Meso-CN, graphene, SWCNT, GNR808 and GNR1120 water solutions (30 μg/mL, 5.0 mL) were irradiated with a 808 nm laser at a power density of 1 W/cm2 for 10 min and a 1120 nm laser at a power density of 0.5 W/cm2 for 10 min, respectively. The power density of 1 W/cm2 is usually used for 808 nm NIR laser-induced heat conversion. Pure water was used as a negative control. Stirrers were used to keep solutions heated evenly. Temperatures were recorded every 0.5 s by a digital thermometer with a thermocouple probe. The same operations were done on different concentrations of Meso-CN solutions (5, 10, 20, 30 μg/mL). Meso-CN, graphene, SWCNT, GNR808 and GNR1120 water solution at the same concentration (30 μg/mL, 1.0 mL) were irradiated with a 808 nm laser for 3 min and a 1120 nm laser at a power density of 0.5 W/cm2 for 3 min, respectively. Real-time thermal images of those samples were recorded with an E8 thermal IR camera (FLIR).
In vitro cytotoxicity assay
The Hela and MCF7 cell lines were used for in vitro cytotoxicity assay. The cells were seeded into 96-well plates at a density of 0.8×104 cells/well and incubated for 24 h. Then the cells were incubated with 200 μL fresh DMEM culture medium containing Meso-CNs at various concentrations (0, 50, 100, 150 and 200 μg/mL) for 24 h, followed by addition of MTT (5 mg/mL in PBS solution) and another 3 h co-incubation. The growth medium was removed, and 150 μL DMSO was added into each well to dissolve all formed formazan crystals. The spectrophotometric absorbance of the assay was measured using a microplate reader (BioTek Cytation3, USA) at 490 nm to determine the cell viabilities.
In vitro photothermal therapy
Standard MTT assay and Calcein AM and PI co-staining were carried out to determine PTT efficacy of the Meso-CNs in vitro. Hela and MCF7 cells were seeded in 96-well plates (0.8×104 cells/well) and incubated for 24 h. After rinsing with PBS (pH: 7.3), the Hela and MCF7 cells were incubated with 200 μL fresh DMEM culture medium containing Meso-CNs at various concentrations (0, 10, 30, 50 and 100 μg/mL) for 4 h and then irradiated by a 650 nm red laser at 0.5 W/cm2 power density for 30 min. The laser spot was adjusted to fully cover the whole area of each well. The process of MTT assay was then carried out to determine the viabilities of the cancer cells.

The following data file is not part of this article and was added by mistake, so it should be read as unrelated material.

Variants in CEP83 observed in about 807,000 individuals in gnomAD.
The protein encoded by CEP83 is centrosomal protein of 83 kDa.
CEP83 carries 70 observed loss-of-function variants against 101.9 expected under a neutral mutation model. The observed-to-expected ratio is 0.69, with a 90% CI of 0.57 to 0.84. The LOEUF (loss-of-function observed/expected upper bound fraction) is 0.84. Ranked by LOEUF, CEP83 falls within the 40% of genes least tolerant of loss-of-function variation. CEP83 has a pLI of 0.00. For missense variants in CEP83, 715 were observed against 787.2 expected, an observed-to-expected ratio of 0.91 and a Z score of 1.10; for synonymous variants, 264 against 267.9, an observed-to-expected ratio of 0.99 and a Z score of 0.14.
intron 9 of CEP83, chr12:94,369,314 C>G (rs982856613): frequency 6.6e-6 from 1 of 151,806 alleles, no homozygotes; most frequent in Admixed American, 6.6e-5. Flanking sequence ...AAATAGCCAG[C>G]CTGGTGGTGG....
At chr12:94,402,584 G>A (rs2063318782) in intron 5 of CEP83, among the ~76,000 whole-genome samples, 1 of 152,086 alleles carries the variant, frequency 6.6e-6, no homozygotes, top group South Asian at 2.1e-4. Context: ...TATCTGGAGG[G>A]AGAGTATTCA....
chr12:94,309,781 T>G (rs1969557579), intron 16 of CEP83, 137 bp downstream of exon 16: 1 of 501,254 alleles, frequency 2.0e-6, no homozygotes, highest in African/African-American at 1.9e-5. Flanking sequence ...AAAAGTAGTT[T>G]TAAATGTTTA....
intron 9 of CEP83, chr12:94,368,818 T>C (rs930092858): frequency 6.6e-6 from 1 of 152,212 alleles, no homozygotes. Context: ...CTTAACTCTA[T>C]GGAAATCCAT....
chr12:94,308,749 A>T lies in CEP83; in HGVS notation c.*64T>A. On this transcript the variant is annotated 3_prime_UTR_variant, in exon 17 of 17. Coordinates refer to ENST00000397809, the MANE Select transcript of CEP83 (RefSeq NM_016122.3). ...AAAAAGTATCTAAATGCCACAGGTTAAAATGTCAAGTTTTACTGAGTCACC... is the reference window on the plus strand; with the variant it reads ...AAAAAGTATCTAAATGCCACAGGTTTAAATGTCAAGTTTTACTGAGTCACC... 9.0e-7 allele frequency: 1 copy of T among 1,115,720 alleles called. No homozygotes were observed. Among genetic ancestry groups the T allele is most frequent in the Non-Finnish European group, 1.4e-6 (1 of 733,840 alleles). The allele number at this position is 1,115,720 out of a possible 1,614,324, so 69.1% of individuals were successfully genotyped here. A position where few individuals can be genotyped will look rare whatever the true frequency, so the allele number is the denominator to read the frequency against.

MCF7 cells were seeded in 8 glass culture dishes (6×104 cells/well) and incubated for 24 h. Then the 8 glass culture dishes were divided into two groups. After rinsing with PBS (pH: 7.3), each group was added into 1 mL fresh DMEM culture medium containing Meso-CNs at various concentrations (0, 10, 20 and 30 μg/mL). After 4 h incubation, one group was irradiated by a 808 nm laser at 1 W/cm2 for 10 min and another group was irradiated by a 1120 nm laser at 0.5 W/cm2 power density for 20 min. Afterwards, the treated cells were costained with Calcein AM and PI for 30 min. The cells were rinsed again with PBS and then imaged by an Olympus confocal microscope.
Drug loading and controllable release
DOX (4 mg) and Meso-CNs (4 mg) were dispersed into H2O. The final volume of the mixture was 32 mL and the mixture was stirred for 24 h at room temperature. The free DOX was removed by centrifuging at 10282 g for 10 min. Then the supernatant solution was collected and its absorbance was measured with a UV-2500. The weight of unloaded DOX was calculated by absorbance using a standard curve of absorbance at different concentrations of DOX (Figure S3A, B). The loading content (LC, w/w%) of DOX was evaluated from the equation:
LCDOX = (DOX loading weight / weight of Meso-CNs) × 100%.
Meso-CNs+DOX were collected after centrifugation and the concentration of Meso-CNs was adjusted to 1 mg/mL. The total weight of DOX loaded in Meso-CNs was calculate by LCDOX (35.0%). DOX release was assessed in PBS buffer (pH: 7.2 or 5.2). Briefly, four glass bottles were prepared, 5 mL PBS (pH: 7.2 or 5.2) was added, and they were loaded with a dialysis bag containing 0.43 mL Meso-CNs+DOX. Samples were maintained at 37 °C on a sample heater before treatment, then two samples dispersed in PBS (pH 5.2) were illuminated by 808 nm or 1120 nm laser with a power density of 0.5 W/cm2. Meanwhile, samples were exposed, or not, to NIR laser repeatedly in 2 h intervals. At every interval, the PBS was replaced and characterized by measuring the UV-Vis-NIR absorption spectra with a UV-2500 spectrophotometer. The release percentages of DOX were calculated by the absorption spectra of the PBS using a standard curve of absorbance at different concentrations of DOX. The release percentages (RP, W/W %) were evaluated from the equation: